. The character and distribution of pseudopods in cells expressing RasCQ62L
appear to be different from those in wild-type cells (). Second, because the dispersion length of a protein is proportional to its half-life, the constitutively activated form of RasCQ62L
is expected to have a broader spatial distribution than that of wild-type RasC. As RasCQ62L
diffuses further before being inactivated, the downstream responses it controls will be delocalized as well, impairing cells’ ability to interpret the directional signal. Therefore, the rapid inactivation of RasC is critical for localizing downstream responses and directional sensing.
Our results provide the first substantial evidence that TORC2 is under the control of a Ras protein and open the possibility for further study of the regulatory mechanism of TORC2. Loss of function in RasC greatly reduces PKB phosphorylation (), and the effects of RasCQ62L on PKBR1 phosphorylation are suppressed by deleting PiaA (). These in vivo results indicate that the major effects of RasC on chemotaxis are mediated through TORC2 and PKBR1. The active form of RasC promotes TORC2-dependent phosphorylation of the two PKBs in vitro in the absence of any stimulus ( and ). This reaction exhibits several characteristics that are consistent with a RasC–TORC2–PKB pathway. It is blocked by exogenous RBD and does not occur in lysates lacking the TORC2 component PiaA or Rip3 but can be rapidly initiated by adding Flag immunoprecipitate from piaA− cells expressing Flag-PiaA. Further experiments indicate that the reconstituting activity associated with the Flag immunoprecipitate likely contains a functional TOR complex (). Importantly, TORC2 binds specifically to RasCQ62L but not to inactivated wild-type RasC (), suggesting that a regulated interaction may contribute to the stimulation of TORC2 activity by RasCQ62L. Interestingly, we found that RasCQ62L lacking the C-terminal CAAX motif is not able to extend the kinetics of PKB phosphorylation (unpublished data), indicating that the membrane localization of RasC is critical for its in vivo function in activating TORC2.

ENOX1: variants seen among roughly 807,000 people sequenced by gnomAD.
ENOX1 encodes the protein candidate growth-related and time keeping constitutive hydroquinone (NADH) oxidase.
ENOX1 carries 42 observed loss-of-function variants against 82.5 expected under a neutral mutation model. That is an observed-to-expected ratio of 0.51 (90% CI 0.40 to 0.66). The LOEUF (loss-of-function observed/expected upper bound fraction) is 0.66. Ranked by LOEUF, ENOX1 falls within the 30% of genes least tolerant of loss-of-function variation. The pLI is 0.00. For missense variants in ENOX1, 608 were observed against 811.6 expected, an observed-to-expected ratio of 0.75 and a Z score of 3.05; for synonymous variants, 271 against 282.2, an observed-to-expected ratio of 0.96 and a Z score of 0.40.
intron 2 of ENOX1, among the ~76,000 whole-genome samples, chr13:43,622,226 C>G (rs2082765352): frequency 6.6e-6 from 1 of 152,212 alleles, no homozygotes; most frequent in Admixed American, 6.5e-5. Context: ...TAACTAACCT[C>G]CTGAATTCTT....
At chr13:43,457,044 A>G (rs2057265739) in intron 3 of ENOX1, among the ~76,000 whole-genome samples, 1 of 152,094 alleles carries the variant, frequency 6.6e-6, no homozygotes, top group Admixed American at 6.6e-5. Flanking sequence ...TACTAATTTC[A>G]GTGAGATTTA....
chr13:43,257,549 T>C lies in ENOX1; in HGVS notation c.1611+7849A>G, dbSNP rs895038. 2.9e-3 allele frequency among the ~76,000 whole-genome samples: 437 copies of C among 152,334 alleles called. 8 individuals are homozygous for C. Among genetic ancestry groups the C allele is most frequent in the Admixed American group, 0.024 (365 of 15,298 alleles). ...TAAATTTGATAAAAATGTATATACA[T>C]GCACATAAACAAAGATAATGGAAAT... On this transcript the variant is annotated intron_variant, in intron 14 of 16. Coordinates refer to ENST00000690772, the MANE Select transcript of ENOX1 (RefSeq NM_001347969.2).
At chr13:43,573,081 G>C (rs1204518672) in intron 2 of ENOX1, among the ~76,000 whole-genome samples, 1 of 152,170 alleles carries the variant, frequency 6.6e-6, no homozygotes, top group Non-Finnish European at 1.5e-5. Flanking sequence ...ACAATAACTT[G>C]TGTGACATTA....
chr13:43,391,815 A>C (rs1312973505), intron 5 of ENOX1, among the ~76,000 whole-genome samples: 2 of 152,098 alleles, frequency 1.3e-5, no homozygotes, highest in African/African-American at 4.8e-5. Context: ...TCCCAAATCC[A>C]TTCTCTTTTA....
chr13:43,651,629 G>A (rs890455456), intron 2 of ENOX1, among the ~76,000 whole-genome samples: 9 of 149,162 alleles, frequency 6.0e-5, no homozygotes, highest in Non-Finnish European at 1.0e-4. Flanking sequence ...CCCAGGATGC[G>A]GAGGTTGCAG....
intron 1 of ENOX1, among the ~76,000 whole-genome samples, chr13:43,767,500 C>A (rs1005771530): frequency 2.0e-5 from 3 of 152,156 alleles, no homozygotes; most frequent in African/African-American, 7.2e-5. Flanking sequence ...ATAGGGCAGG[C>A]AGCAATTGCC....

A role for a Ras protein in PKB activation and cell migration may not seem surprising, as it has been shown that Ras proteins bind to both D. discoideum
and mammalian PI3Ks (Rodriguez-Viciana et al., 1994
; Pacold et al., 2000
; Funamoto et al., 2002
; Kae et al., 2004
). However, our data show that the effects of RasCQ62L
on chemotactic responses and the cytoskeletal activity are primarily mediated through TORC2. Furthermore, we found that disruption of PKBA but not PKBR1 in pten−
cells suppresses its chemotaxis defects (unpublished data). Therefore, although expressing RasCQ62L
and deleting PTEN both result in hyperstimulation of the PKB signaling, their effects appear to be mediated through different PKB isoforms. Our finding that TORC2 is a critical effector in Ras-mediated cell migration may serve as a stepping stone to understand cell motility in other organisms. PIP3-independent chemotaxis and chemoattractant-stimulated Ras activation have also been observed in human neutrophils (Worthen et al., 1994
; Zheng et al., 1997
). In many cancer cells that display altered cell migration, Ras proteins are found to be persistently activated (Oxford and Theodorescu, 2003
). In addition, TORC2 has been suggested to regulate cytoskeletal-based events in various systems (Jacinto et al., 2004
; Sarbassov et al., 2004
; Kamada et al., 2005
). It will be of great interest to learn whether the Ras–TORC2 pathway plays a similar role in the cytoskeleton organization and migration of these cells.